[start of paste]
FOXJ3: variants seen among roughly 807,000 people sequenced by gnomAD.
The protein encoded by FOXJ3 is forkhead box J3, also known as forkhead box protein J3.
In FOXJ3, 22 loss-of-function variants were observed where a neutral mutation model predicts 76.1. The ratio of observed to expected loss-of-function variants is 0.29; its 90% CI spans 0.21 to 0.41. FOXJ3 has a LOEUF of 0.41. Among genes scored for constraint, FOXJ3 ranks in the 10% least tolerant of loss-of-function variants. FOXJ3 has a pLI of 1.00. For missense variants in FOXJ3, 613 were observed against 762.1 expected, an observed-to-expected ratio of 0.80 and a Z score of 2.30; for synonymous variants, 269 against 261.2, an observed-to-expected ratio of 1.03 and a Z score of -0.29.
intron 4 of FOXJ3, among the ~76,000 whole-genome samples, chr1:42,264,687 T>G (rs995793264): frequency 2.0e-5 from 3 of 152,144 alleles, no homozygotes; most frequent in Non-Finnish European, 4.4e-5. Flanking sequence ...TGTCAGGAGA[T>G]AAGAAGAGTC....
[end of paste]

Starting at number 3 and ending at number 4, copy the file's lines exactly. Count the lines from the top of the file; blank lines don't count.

In FOXJ3, 22 loss-of-function variants were observed where a neutral mutation model predicts 76.1. The ratio of observed to expected loss-of-function variants is 0.29; its 90% CI spans 0.21 to 0.41. FOXJ3 has a LOEUF of 0.41. Among genes scored for constraint, FOXJ3 ranks in the 10% least tolerant of loss-of-function variants. FOXJ3 has a pLI of 1.00. For missense variants in FOXJ3, 613 were observed against 762.1 expected, an observed-to-expected ratio of 0.80 and a Z score of 2.30; for synonymous variants, 269 against 261.2, an observed-to-expected ratio of 1.03 and a Z score of -0.29.
intron 4 of FOXJ3, among the ~76,000 whole-genome samples, chr1:42,264,687 T>G (rs995793264): frequency 2.0e-5 from 3 of 152,144 alleles, no homozygotes; most frequent in Non-Finnish European, 4.4e-5. Flanking sequence ...TGTCAGGAGA[T>G]AAGAAGAGTC....